CLEVELAND — Paul Molitor didn’t flip over the food table, didn’t throw equipment, didn’t scream at his players. At the end of a horrific road trip, Molitor was careful not to project the frustration and irritation he must be feeling after his team was outscored 60-27 in a terrible road trip.

“I’m not going down that route. It’s not like we have a team that’s been through this a ton,” Molitor said. “We’re developing young players who are trying to get better. It’s primarily my responsibility to try to do what I can to keep us on course, even though we’ve gotten away from some things we were doing well.”

So what can be done to change things now that the Twins are officially a sub-.500 team again?

“It’s going to be a matter of myself and my coaches and players to take a little gut check and see where we’re at,” Molitor said. He’s planning no lineup makeovers, no roster shuffles, and certainly no tantrums.

The danger, pitcher Phil Hughes said, is letting negativity creep in, the way it had the past few seasons. He allowed a run because of a ball that hit the plate and bounced over his head in the first inning, and he gave up two runs on a bloop single in the second. “I did a poor job of channelling my focus. I really let those two things get to me, and kind of put my mind in a negative situation,” Hughes said. “I’ve got to find a way to make the adjustment, but at the same time, I don’t want to dwell on these things. There’s always a learning experience that you can take from any start, but I don’t want to battle myself.”

Nasty pitcher tour

The Twins’ miserable week began Monday in Toronto against David Price — “the best pitcher I’ve faced,” according to Miguel Sano. The road agony concluded Sunday in Progressive Field against Corey Kluber — “the best righty I’ve faced,” Sano judged.

Quite a tour he’s getting.

Kluber’s record is a mere 7-12, but the Twins knew coming in that it’s a mirage, that the reigning Cy Young winner is only marginally less dominant than he was a year ago. He had already held them to two runs over eight innings in April, and “if he’s got his good stuff, it’s going to be challenging,” Molitor said.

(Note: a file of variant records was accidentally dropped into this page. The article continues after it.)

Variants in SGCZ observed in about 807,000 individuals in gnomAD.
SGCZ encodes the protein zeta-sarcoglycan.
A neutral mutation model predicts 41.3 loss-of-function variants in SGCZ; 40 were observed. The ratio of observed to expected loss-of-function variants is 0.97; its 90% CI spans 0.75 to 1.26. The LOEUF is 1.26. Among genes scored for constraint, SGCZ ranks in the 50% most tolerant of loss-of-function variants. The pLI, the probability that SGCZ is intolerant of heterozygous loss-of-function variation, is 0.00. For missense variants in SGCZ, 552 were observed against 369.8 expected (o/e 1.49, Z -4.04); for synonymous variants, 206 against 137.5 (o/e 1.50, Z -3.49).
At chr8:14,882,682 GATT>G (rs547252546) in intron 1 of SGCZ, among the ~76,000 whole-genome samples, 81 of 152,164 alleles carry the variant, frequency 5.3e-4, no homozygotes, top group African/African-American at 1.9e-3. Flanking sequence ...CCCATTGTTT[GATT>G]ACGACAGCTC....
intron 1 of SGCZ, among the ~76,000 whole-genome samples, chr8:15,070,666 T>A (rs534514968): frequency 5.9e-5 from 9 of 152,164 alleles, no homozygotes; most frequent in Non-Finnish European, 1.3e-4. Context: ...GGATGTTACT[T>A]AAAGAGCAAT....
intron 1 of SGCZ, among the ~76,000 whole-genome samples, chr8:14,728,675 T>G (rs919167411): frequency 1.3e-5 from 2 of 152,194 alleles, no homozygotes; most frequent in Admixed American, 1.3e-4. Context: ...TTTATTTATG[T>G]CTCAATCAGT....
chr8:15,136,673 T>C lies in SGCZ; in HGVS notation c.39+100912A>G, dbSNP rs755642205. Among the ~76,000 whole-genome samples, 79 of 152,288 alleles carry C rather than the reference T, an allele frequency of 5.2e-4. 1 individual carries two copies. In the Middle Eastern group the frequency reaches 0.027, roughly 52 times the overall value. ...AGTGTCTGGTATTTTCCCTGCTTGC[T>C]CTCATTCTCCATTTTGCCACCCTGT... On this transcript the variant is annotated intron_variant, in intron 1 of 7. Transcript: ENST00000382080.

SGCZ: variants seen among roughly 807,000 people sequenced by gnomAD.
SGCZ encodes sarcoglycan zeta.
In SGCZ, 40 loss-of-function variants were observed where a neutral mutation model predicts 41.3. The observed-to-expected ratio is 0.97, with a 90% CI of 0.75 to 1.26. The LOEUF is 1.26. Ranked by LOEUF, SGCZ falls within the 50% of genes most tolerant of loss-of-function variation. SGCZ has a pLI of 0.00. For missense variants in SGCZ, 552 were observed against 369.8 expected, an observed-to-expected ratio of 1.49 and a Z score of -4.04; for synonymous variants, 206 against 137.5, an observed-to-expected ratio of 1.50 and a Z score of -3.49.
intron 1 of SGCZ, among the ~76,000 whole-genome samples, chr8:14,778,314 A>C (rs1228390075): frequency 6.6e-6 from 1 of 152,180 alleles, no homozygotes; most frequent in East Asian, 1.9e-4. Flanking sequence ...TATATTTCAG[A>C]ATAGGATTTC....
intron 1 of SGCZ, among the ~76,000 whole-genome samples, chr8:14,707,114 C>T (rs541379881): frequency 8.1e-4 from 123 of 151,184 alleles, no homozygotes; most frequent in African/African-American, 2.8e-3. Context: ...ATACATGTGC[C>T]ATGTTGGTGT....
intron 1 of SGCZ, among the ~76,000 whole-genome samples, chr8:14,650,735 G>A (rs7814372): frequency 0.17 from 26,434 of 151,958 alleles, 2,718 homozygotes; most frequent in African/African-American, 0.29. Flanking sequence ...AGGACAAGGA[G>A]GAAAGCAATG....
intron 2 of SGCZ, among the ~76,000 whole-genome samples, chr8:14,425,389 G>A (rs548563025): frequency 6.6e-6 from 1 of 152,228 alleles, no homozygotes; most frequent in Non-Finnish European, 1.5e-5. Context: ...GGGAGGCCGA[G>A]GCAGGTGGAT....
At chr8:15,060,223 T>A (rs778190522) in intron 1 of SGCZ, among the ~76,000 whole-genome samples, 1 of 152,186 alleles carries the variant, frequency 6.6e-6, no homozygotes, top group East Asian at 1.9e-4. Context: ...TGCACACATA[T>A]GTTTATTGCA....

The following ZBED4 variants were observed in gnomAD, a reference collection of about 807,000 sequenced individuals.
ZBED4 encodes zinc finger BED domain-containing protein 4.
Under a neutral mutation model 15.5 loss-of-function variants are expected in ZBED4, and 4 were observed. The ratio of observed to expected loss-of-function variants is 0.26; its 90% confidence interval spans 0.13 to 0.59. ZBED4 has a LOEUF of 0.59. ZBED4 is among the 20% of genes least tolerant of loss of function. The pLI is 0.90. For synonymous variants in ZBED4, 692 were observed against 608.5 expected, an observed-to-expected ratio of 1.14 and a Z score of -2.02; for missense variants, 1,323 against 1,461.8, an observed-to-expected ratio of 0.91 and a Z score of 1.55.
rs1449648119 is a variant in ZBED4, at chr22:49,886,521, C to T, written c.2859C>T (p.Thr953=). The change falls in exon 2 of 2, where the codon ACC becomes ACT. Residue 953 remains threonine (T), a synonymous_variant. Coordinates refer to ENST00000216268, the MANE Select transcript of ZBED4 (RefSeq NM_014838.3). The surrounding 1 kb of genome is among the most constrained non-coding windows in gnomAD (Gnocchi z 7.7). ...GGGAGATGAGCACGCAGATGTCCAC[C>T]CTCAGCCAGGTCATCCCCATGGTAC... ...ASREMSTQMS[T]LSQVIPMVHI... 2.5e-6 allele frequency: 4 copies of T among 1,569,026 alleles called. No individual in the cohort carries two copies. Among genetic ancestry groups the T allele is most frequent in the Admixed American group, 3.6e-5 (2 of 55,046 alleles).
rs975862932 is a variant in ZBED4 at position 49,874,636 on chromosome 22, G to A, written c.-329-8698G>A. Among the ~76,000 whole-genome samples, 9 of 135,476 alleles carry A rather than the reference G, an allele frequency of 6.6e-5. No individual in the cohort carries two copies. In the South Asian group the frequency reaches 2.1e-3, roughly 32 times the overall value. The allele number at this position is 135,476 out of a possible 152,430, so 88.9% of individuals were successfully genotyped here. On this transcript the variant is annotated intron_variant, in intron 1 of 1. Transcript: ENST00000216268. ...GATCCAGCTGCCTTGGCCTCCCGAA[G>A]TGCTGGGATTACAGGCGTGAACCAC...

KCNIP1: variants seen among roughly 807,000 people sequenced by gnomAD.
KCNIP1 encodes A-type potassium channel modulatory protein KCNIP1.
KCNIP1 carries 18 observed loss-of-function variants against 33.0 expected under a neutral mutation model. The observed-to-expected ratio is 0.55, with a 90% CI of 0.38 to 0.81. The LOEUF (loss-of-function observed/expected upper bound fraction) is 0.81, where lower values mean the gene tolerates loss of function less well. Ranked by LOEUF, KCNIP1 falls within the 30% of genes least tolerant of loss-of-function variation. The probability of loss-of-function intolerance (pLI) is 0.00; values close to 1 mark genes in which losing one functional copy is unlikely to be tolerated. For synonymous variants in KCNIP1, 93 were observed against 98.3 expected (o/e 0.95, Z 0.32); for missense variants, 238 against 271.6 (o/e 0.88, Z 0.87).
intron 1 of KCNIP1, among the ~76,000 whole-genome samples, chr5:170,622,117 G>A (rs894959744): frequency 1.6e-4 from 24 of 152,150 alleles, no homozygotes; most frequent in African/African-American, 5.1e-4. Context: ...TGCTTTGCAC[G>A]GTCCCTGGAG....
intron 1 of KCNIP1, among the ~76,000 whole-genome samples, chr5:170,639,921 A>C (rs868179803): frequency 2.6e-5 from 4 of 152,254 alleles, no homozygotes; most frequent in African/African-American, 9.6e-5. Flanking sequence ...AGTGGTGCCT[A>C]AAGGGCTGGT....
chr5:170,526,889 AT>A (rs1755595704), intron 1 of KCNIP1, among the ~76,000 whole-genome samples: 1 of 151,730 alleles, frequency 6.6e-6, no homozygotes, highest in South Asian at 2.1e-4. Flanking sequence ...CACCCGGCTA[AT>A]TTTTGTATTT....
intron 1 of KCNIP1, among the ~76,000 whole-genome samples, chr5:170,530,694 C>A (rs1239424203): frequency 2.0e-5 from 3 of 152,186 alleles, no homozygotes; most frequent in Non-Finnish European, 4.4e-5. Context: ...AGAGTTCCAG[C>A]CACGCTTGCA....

He had his good stuff Sunday.

“He threw me a cutter, the two-seamer [fastball], the slider, and a curveball. His ball was moving really well,” said Shane Robinson, who managed nevertheless to smash a double to deep left-center in the ninth inning, then score the Twins’ only run on Aaron Hicks’ double. “I had a plan for each at-bat today, and the third time, it finally worked. I worked the count until he’d throw me the two-seamer. I hit it for once, and didn’t get jammed.”

Kluber’s only hiccup in the first 20 batters was a walk drawn by Hicks in the fourth, but he was quickly erased when Joe Mauer grounded into a double play. When Mauer came to the plate in the seventh, there was notable tension among the 21,305 in attendance

“Everyone is aware, very aware” of the no-hit possibility, Brian Dozier said. But Mauer, after nearly striking out on a foul tip that hit the ground, finally stroked a solid single to left field.

“He was nasty. He had all his pitches working, both sides,” Mauer said. “The one I hit was probably the best [mistake] I saw all day. You can’t miss a pitch like that with a guy like that.”

Not ready to switch jobs

Robinson said he received dozens of texts Saturday and Sunday, from teammates at Florida State and with the St. Louis Cardinals, congratulating him on his successful pitching debut against the Indians. He struck out Jerry Sands to end the inning by freezing him with a knuckleball. “They said it was a nice off-speed pitch,” Robinson said. “Pretty cool to get to see me pitch.”

He thought so, too, until he fielded a Jose Ramirez hit in the second inning Sunday and threw it back to the infield. Suddenly, he could feel the 14 fastballs he threw in his arm. “Pretty stiff,” he said. “After that [throw], I was pretty much done.”